Nearly a quarter of U.S. homes won't have pay-TV by 2019, eMarketer says

Cord cutting will accelerate over each of the next four years, with the pay-TV ecosystem reaching a 1.4 percent decline rate by 2019, a year in which 23 percent of U.S. households won't pay for traditional television.

So predicts eMarketer, which released its report one day after fellow research firm PricewaterhouseCoopers said that the pay-TV industry could potentially lose a virtually unbelievable 20 percent of its customers in 2016.

According to eMarketer, 4.9 million U.S. households will unsubscribe from traditional pay TV services in 2015, a decline of 0.6 percent of pay-TV's 2014 total base of 101.3 million U.S. subscribers. The firm expects U.S. pay-TV market to lose 0.8 percent of its customers in 2016. This loss rate will accelerate to 1.4 percent over the next five years, reaching a point at which the market will have only 96.4 million remaining subscribers. 

"This year, the number of digital video services expanded at a faster pace than ever before," said eMarketer's senior analyst Paul Verna in a statement. "In addition to standalone offerings from the likes of HBO, there are new digital bundles that include many of the channels consumers could only have received with cable and satellite subscriptions in the past. This widespread availability of digital content makes cord-cutting a viable option for a growing segment of the viewing population."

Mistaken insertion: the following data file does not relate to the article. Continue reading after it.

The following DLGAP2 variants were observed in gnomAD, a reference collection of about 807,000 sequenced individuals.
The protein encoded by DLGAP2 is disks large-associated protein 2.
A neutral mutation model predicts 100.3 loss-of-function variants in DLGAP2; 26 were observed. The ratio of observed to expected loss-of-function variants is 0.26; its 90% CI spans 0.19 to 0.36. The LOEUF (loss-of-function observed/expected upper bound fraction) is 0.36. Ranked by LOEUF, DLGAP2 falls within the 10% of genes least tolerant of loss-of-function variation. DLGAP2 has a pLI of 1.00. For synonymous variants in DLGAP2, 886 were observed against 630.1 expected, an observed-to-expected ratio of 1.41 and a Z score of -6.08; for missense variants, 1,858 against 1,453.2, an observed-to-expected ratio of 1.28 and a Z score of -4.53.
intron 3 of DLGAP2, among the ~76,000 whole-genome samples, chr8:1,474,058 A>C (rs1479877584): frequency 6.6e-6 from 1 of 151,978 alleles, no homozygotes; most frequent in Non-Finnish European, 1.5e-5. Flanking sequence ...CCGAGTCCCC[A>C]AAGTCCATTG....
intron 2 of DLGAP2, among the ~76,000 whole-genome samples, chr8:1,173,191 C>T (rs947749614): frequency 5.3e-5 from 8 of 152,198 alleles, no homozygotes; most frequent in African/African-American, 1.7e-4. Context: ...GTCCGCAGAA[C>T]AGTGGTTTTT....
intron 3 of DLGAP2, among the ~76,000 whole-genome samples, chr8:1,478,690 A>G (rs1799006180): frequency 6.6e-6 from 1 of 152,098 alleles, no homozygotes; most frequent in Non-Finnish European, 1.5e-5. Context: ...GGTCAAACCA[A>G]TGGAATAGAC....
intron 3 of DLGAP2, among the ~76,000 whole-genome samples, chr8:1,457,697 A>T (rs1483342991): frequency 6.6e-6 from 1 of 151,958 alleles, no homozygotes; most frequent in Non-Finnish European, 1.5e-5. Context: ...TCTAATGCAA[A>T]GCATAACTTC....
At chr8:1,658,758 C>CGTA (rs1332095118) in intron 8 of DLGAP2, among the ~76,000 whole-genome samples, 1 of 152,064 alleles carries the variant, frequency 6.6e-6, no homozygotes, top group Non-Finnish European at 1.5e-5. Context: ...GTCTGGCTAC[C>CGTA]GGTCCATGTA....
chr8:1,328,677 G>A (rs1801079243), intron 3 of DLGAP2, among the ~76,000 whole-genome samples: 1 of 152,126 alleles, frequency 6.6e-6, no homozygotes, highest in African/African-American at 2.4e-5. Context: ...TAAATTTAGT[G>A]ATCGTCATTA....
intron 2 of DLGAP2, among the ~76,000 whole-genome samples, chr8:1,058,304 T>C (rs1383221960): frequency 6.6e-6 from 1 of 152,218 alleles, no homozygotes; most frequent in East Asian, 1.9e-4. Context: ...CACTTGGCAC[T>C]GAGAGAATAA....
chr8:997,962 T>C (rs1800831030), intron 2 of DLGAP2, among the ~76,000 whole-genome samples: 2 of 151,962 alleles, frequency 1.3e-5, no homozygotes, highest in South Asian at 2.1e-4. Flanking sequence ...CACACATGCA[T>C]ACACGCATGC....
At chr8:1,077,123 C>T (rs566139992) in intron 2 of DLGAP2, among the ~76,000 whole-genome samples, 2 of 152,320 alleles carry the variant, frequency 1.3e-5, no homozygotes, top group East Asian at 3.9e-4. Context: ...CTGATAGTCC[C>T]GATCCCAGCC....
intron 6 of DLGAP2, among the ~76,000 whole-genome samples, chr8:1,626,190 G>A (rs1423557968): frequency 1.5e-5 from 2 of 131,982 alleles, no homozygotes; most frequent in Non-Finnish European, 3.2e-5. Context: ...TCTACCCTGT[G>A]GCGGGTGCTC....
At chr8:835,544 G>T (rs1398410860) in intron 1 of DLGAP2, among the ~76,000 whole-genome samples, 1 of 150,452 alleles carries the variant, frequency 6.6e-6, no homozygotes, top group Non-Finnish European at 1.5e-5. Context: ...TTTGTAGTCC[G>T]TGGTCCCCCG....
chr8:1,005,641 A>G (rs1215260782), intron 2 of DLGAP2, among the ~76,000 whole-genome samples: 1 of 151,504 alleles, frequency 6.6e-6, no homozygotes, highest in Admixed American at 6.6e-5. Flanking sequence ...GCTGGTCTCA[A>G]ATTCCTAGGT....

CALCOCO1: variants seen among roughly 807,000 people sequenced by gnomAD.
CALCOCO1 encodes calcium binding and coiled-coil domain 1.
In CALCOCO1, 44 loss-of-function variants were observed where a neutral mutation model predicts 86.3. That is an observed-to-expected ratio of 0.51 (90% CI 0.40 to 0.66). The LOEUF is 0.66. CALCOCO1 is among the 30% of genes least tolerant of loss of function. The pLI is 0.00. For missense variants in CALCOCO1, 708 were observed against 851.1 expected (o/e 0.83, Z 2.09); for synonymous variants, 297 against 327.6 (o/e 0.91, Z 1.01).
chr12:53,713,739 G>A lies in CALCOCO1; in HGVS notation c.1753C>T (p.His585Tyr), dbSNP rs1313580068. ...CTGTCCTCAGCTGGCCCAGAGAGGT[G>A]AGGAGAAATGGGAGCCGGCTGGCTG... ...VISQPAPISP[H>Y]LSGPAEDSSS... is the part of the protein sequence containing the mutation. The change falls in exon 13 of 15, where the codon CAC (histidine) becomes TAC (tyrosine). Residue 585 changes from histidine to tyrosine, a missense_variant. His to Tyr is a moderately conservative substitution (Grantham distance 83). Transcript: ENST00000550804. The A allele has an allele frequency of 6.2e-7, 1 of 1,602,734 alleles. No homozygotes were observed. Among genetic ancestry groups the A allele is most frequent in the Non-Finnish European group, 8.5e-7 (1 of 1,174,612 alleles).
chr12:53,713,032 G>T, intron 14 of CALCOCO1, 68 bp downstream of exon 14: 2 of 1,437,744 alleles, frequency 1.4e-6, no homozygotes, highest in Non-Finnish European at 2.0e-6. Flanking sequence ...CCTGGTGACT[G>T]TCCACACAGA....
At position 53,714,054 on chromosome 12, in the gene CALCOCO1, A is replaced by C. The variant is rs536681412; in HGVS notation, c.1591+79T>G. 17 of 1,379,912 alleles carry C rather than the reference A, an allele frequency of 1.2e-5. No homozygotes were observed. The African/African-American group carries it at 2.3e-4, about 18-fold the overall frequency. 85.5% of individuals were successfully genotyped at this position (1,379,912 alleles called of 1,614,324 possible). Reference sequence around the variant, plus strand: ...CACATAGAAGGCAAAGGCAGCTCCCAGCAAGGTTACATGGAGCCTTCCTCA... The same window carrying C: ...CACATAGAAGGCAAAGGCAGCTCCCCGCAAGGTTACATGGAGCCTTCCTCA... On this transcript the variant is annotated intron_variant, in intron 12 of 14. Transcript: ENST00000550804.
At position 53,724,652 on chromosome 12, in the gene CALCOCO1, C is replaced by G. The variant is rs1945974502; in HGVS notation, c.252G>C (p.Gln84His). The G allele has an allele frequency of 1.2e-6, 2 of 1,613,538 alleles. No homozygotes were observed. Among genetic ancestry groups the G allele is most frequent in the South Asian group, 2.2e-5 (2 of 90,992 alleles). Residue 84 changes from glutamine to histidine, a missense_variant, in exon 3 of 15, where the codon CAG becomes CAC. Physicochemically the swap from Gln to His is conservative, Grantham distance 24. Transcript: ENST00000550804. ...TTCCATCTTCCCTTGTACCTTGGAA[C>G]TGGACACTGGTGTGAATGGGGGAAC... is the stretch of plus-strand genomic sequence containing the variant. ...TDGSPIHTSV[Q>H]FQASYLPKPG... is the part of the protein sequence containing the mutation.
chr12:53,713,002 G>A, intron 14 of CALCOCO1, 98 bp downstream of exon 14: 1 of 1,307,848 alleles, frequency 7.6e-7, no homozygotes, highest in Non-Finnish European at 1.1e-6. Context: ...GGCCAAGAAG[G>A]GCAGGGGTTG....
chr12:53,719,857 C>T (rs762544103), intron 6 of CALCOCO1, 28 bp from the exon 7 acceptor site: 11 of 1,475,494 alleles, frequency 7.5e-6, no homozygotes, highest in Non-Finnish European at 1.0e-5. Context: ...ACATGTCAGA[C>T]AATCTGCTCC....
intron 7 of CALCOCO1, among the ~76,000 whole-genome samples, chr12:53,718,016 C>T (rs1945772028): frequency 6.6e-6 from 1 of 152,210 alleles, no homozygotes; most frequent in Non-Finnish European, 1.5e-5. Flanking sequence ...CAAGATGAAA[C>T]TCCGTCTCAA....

Drilling down on verticals, cable retraction is expected by eMarketer to decelerate from 2 percent last year to only 0.4 percent this year. But by 2019, the research firm says cable will be back up to shrinking at a rate of 1.4 percent. 

The satellite sector, which shrunk by 1.5 percent this year, will stay largely flat, losing 1.4 percent of its base in 2019, according to eMarketer's predictions. 

Telco-based TV operators will be flat in 2019, losing only 0.1 percent of video customers. 

For more:
- read this eMarketer report
- read this Wall Street Journal story

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